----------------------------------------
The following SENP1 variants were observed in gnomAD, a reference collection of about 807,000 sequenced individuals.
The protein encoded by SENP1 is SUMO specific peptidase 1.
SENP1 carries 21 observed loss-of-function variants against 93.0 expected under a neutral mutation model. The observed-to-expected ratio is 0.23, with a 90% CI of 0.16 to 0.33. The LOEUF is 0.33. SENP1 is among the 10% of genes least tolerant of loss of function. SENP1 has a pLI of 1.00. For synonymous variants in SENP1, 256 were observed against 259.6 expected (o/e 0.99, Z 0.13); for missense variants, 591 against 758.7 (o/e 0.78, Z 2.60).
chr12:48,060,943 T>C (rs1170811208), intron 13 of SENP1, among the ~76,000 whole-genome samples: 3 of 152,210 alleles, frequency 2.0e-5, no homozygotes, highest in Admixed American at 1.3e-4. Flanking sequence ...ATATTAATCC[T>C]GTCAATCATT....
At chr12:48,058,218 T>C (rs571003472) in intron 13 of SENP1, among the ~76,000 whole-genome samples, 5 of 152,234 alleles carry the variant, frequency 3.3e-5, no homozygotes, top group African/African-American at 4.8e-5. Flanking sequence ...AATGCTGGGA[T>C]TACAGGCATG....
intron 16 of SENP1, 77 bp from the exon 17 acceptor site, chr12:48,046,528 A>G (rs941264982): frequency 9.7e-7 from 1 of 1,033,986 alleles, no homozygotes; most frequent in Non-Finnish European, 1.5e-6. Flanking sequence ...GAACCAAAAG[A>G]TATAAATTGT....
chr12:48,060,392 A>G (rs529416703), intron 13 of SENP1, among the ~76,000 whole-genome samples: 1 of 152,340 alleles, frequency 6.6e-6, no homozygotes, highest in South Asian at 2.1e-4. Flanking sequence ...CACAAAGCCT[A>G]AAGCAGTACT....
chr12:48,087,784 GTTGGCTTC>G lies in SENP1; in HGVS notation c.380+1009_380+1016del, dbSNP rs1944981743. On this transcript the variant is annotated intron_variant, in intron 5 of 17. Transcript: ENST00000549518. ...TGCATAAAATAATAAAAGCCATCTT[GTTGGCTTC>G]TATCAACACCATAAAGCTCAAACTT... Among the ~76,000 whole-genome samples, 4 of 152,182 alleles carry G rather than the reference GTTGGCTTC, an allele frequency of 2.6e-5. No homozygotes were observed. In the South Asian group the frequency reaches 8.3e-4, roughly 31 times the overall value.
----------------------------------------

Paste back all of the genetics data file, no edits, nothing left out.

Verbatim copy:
The following SENP1 variants were observed in gnomAD, a reference collection of about 807,000 sequenced individuals.
The protein encoded by SENP1 is SUMO specific peptidase 1.
SENP1 carries 21 observed loss-of-function variants against 93.0 expected under a neutral mutation model. The observed-to-expected ratio is 0.23, with a 90% CI of 0.16 to 0.33. The LOEUF is 0.33. SENP1 is among the 10% of genes least tolerant of loss of function. SENP1 has a pLI of 1.00. For synonymous variants in SENP1, 256 were observed against 259.6 expected (o/e 0.99, Z 0.13); for missense variants, 591 against 758.7 (o/e 0.78, Z 2.60).
chr12:48,060,943 T>C (rs1170811208), intron 13 of SENP1, among the ~76,000 whole-genome samples: 3 of 152,210 alleles, frequency 2.0e-5, no homozygotes, highest in Admixed American at 1.3e-4. Flanking sequence ...ATATTAATCC[T>C]GTCAATCATT....
At chr12:48,058,218 T>C (rs571003472) in intron 13 of SENP1, among the ~76,000 whole-genome samples, 5 of 152,234 alleles carry the variant, frequency 3.3e-5, no homozygotes, top group African/African-American at 4.8e-5. Flanking sequence ...AATGCTGGGA[T>C]TACAGGCATG....
intron 16 of SENP1, 77 bp from the exon 17 acceptor site, chr12:48,046,528 A>G (rs941264982): frequency 9.7e-7 from 1 of 1,033,986 alleles, no homozygotes; most frequent in Non-Finnish European, 1.5e-6. Flanking sequence ...GAACCAAAAG[A>G]TATAAATTGT....
chr12:48,060,392 A>G (rs529416703), intron 13 of SENP1, among the ~76,000 whole-genome samples: 1 of 152,340 alleles, frequency 6.6e-6, no homozygotes, highest in South Asian at 2.1e-4. Flanking sequence ...CACAAAGCCT[A>G]AAGCAGTACT....
chr12:48,087,784 GTTGGCTTC>G lies in SENP1; in HGVS notation c.380+1009_380+1016del, dbSNP rs1944981743. On this transcript the variant is annotated intron_variant, in intron 5 of 17. Transcript: ENST00000549518. ...TGCATAAAATAATAAAAGCCATCTT[GTTGGCTTC>G]TATCAACACCATAAAGCTCAAACTT... Among the ~76,000 whole-genome samples, 4 of 152,182 alleles carry G rather than the reference GTTGGCTTC, an allele frequency of 2.6e-5. No homozygotes were observed. In the South Asian group the frequency reaches 8.3e-4, roughly 31 times the overall value.